Kevin:This is Dr. Kevin Coughlin. You’re listening to Ascent Dental Solutions with a focus on knowledge, education, training and development. I want to give special thanks to VOCO dental supply company for their expertise in training and providing the supplies to allow dentists to provide the highest level of care and service in the dental profession. I also want to give special thanks to Mr. David Wolf for his expertise in developing these podcasts.
Tonight’s topic is how do we become more efficient and more effective without burning out? I am getting prepared for a meeting of approximately fifty team members in my organization this week, and what we’ve done is we’ve taken a cold, hard look at really what the bottom line is. It’s something we all talk about, but very seldom ever do. There’s a big debate and, like most debates, there’s some truth in all parties, but do you accept all dental insurance plans? Do you only accept certain dental plans? How do you decide? And basically, I think every healthcare professional would love to see one thing: control of their fees.
Right now, most dental plans, and certainly medical plans, there is absolutely no control of our fees. It’s almost laughable that you would be in a business, and a business owner at that, and have zero control of the fees. The insurance companies are dictating what fees we have. We’ll take a cold, hard look. And in the real world, most general dentists or specialist dentists accept most dental plans out of necessity. It’s nice for the few that can say they have concierge practices and they only accept fee for service. But I think for the bulk of healthcare professionals, we accept what comes in the door. To me, the real question is how to manage it. And I strongly suggest that you consider some simple approaches that may make your life easier.
In the state of Massachusetts, it amazes me that under government-subsidized programs, such as Common Care Alliance or MassHealth, sometimes the reimbursement for restorations, composites particularly, can be somewhere between $60 and $90. I think most dentists know that when you’re doing a composite and you want to do it at a high level with high level of materials and expertise, it is almost impossible to do these restorations for that type of fee schedule and stay in business. I personally pay our dental hygienist $40 an hour plus approximately $8 to $9 in benefits and all my dental assistants or team members are paid $30 an hour with, again, approximately $8 to $9 in benefits. So if you just add up the two assistants assisting me plus myself doing a restoration for thirty minutes that’s going to give us a reimbursement of between $60 and $90, you can immediately see that you either have to see a hundred patients an hour or you’re going to go out of business.
The simple fact is, the following things, it at least helped me in the state of Massachusetts and perhaps may help you manage your practice and take the stress and reduce some of the financial pain. As you know, many states allow dental hygienists to (unclear 04:01) locally anesthetic. I can tell you for the last six months, in almost all cases, my floating dental hygienists, which takes walk-ins, call-ins, people who are behind in their hygiene recall or recare program, are doing my local anesthetic. I can also tell you that with the Triodent Matrix System, the matrix systems are set up, everything is prepped and ready, the DryShield, which I’m using as a rubber dam, is ready and set, that I have been able to reduce my composite times down in, I believe, a high degree of success, very little to no sensitivity, and very little occlusal adjustments, down to about eight minutes.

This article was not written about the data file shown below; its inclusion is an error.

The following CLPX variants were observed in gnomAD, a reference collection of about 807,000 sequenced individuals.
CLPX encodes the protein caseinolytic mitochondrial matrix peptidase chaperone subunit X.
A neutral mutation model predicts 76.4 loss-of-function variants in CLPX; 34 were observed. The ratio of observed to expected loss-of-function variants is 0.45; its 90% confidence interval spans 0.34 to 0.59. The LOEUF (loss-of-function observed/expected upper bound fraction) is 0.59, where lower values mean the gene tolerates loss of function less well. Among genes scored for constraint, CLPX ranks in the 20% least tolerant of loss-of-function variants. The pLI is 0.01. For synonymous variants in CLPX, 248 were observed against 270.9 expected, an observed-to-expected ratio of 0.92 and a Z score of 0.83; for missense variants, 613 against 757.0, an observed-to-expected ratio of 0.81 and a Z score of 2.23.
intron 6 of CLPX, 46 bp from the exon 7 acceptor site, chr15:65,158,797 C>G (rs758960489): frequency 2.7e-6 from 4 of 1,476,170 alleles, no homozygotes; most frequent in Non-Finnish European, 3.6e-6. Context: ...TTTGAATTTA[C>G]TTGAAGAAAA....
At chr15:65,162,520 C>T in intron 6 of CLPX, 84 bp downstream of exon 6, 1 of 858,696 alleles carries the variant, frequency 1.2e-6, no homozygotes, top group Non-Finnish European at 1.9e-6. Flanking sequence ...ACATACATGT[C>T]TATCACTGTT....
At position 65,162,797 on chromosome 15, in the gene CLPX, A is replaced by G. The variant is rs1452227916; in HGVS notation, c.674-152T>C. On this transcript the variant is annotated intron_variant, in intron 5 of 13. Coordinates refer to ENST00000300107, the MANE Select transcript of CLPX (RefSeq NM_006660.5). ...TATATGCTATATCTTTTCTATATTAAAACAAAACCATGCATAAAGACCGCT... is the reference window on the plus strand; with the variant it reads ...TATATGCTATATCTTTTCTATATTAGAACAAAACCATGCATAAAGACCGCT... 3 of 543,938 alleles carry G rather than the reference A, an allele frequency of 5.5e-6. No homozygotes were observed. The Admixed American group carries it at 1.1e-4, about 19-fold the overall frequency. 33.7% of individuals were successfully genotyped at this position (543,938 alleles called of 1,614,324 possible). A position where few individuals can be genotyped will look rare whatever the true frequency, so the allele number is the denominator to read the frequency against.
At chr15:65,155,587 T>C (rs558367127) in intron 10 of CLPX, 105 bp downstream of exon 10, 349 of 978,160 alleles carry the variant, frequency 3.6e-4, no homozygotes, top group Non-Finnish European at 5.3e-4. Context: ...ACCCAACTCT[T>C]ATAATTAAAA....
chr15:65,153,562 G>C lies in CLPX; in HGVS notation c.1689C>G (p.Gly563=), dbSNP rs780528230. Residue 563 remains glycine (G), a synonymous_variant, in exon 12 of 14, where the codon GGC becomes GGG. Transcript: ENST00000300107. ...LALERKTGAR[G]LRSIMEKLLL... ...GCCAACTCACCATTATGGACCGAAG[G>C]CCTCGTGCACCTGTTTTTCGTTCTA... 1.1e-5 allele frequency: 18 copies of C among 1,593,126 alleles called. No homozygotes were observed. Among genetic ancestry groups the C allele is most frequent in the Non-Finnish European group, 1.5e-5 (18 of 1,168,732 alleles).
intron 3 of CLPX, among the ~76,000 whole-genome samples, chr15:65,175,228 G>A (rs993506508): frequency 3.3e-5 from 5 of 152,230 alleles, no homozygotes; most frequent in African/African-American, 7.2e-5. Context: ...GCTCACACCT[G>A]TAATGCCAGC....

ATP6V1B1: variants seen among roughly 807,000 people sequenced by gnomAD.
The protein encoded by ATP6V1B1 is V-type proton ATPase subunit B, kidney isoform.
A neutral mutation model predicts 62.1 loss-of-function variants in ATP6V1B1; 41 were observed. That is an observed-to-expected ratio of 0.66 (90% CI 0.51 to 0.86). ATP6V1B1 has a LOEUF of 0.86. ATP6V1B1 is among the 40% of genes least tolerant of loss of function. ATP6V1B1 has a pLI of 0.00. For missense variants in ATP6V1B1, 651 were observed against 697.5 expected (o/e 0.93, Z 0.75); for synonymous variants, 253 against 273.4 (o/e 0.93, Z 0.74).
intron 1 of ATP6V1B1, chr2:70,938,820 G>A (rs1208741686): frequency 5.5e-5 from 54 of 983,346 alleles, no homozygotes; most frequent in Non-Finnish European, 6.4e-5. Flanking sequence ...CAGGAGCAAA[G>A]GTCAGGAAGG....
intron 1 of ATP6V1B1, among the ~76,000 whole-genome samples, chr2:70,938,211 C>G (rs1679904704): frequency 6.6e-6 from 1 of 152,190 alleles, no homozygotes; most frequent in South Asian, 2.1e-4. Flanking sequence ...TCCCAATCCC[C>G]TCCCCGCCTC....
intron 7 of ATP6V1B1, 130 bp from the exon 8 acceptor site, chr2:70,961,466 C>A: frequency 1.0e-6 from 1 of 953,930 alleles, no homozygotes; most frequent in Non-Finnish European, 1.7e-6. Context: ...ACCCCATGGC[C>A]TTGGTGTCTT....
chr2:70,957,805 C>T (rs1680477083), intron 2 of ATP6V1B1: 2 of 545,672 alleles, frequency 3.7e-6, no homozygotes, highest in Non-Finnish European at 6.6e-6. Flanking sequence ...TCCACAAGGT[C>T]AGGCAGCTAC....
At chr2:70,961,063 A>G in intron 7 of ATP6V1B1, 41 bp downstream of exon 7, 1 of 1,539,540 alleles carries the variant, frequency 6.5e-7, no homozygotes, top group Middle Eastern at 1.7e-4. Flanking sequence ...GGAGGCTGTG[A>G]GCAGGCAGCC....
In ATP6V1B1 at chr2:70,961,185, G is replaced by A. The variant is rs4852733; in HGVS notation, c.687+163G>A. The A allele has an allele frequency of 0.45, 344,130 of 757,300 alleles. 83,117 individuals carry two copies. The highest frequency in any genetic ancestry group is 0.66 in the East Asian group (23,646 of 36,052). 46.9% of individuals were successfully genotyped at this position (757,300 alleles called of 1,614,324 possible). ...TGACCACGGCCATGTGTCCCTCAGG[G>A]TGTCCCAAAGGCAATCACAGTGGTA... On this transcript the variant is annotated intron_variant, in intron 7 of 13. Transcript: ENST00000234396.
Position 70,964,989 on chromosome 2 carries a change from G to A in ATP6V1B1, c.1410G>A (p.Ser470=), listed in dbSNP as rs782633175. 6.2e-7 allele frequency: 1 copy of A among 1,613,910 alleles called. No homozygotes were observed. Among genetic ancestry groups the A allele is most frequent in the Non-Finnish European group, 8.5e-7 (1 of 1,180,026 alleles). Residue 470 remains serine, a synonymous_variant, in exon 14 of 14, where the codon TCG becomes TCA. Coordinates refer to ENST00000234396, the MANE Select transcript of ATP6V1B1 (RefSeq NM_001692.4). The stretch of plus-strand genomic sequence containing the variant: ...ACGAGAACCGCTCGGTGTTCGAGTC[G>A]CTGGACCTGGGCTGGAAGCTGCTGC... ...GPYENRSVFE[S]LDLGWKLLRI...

What that means is the patient is still booked for twenty or thirty minutes, but the actual clinical chair time that I’m in there, providing that service, is about seven to eight minutes. Although I’d still like to see a compensatory return on my training and expertise, somewhere between $300 and $400 for a posterior or anterior composite, many times, insurance companies have dictated the fees closer to that $60 to $100 rate, and perhaps the techniques of delegating and providing a system for your composites along with other areas of dentistry will help your bottom line.
If you find these topics and other topics interesting, please contact me at Ascent Dental Solutions. My name is Dr. Kevin Coughlin. I’m still practicing full-time. I’ve been practicing for thirty-six years. I grew and built fifteen general dental practices, sold to a managed service organization, and now currently have fifty team members in three offices here in Massachusetts. I want to give special thanks to VOCO for their expertise in providing the supplies and trainings to provide high level of care and service in our practice, Ascent Dental Care, and I want to give special thanks to Mr. David Wolf for his expertise in producing these podcasts. My name is Dr. Kevin Coughlin. I look forward to chatting with you in the near future. Thanks for listening and have a great evening.
And he knows that once you “get it right,” it’s not a great leap to replicate that success over and over again.
Today, in addition to his work as an actual dentist, Dr. Coughlin coaches, consults and speaks to dentists across the country on how to build the practice of their dreams – based on proven processes and procedures.
Latest posts by Kevin Coughlin (see all)
- Customer experience is the key to growing your dental practice - May 8, 2019
- Dental Practice Mergers: What You Need to Know - April 30, 2019
- Podcast: Becoming More Efficient and More Effective Without Burning Out - April 25, 2019